With what feels like a trying year behind us and unsteady ground before us, many have found themselves in positions of profound self-exploration. It is a challenge to the human spirit to question your habits, thoughts, and even beliefs. What you used to know no longer brings clarity, and the life you thought you wanted seems out of touch. If it feels like your body’s check engine light has been on for far too long, here are some easy, self-controlled considerations to better your mental health.
They say that it takes 21 days to make or break a habit. The upside to routines is the habit-forming behaviors of meeting the needs in our lives. The downside to routines is we build habits that are not conducive to our mental health. A few beginning steps to ensuring your day-to-day practices align with stronger mental health include:
- Re-evaluating your daily habits
- Breaking old habits—do not perform the “bad” habits for at least 21 days
- Setting or making new habits that you know you have slacked on lately
Our daily habits spill into nutritional ones. Our nutritional intake pulls the strings that make us tick internally. If we cannot fuel our mind, body, and soul with the things they need, we operate on low efficiency, triggering the check engine light. Understand that nutritional habits are not one size fits all, as we all have different demands. Some great pointers to begin:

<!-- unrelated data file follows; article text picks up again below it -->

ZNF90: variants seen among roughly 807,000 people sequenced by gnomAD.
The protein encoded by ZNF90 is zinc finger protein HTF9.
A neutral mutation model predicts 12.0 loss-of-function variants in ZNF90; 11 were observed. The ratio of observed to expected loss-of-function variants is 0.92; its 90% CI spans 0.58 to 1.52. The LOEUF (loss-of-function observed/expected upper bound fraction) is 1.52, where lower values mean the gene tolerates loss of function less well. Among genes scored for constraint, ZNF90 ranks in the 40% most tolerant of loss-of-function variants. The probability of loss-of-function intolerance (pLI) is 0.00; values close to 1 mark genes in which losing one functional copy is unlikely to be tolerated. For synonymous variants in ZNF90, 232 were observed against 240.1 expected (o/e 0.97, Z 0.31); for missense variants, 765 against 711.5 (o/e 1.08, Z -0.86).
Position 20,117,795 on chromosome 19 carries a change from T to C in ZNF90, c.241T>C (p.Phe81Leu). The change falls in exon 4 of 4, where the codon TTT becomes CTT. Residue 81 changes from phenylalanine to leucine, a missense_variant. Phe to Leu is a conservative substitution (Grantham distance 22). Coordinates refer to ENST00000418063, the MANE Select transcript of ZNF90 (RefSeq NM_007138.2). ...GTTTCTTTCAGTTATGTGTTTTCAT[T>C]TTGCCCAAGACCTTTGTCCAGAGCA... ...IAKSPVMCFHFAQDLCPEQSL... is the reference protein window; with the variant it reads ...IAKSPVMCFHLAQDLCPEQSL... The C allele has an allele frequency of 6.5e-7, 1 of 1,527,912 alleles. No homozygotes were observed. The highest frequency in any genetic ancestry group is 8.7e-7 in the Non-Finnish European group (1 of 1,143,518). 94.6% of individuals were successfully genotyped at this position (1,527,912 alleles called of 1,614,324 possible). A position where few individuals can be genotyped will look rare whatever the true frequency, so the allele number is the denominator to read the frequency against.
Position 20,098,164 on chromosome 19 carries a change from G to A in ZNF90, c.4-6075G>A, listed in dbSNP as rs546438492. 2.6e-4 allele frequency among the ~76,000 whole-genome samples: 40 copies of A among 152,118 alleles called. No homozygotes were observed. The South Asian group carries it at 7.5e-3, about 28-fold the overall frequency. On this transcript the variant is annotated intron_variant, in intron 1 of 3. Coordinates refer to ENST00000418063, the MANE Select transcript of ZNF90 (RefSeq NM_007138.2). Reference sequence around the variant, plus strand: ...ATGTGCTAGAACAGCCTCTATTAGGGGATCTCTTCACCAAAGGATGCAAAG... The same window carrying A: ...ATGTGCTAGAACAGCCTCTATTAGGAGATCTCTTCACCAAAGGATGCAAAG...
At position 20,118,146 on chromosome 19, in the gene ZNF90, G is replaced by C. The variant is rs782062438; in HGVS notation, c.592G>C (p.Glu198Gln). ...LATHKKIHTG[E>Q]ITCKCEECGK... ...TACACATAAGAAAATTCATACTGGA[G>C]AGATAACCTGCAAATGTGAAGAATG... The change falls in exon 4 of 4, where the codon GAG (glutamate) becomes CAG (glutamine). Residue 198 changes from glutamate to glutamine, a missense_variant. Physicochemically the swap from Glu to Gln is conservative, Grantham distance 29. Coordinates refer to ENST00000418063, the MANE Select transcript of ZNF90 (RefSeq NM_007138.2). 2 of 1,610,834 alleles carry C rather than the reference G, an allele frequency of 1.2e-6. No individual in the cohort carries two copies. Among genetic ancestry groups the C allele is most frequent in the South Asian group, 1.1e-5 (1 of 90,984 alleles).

- Measure half your body weight in ounces for daily water intake
- Worry less about calories and more about the food source
The relationships and dynamics we set for ourselves and ultimately engage in are directly linked to our mental well-being. Everyone comes with a different set of luggage, with each bag filled differently from the next. When we take the time to understand the contents of our bags, we better understand just how much or how little the next person carries around.
Self: The relationship we have with ourselves is arguably the most imperative relationship one will ever have. Understanding the luggage, setting firm boundaries, and our overall wellness create a solid connection with oneself’s mental health.
Interpersonal: Interpersonal relationships fall next in the order of importance. Our family, friends, and even acquaintances are all interpersonal. We know these dynamics as our “support system.” This relationship dynamic tests our boundaries the most due to the closeness of the bond. Finding the balance between respect and personal boundaries builds the bridge between allowing your mental health to stay above water and not sinking to the expectations of your grandma or best friend.
Intimate: The level at which we choose to engage with another person comes and goes as our day-to-day lives move. If you struggle with the relationship between yourself and your family, chances are this third, more optional connection will not survive. Or even worse, consider if this relationship is toxic and abusive.
Gaining control of our mental health feels daunting. But we owe it to ourselves to show up every day as our best version. There is no right or wrong way to begin, as the considerations to better your mental health will look different for everyone. Start anywhere, set a goal, follow through for yourself, and the check engine light will turn off eventually.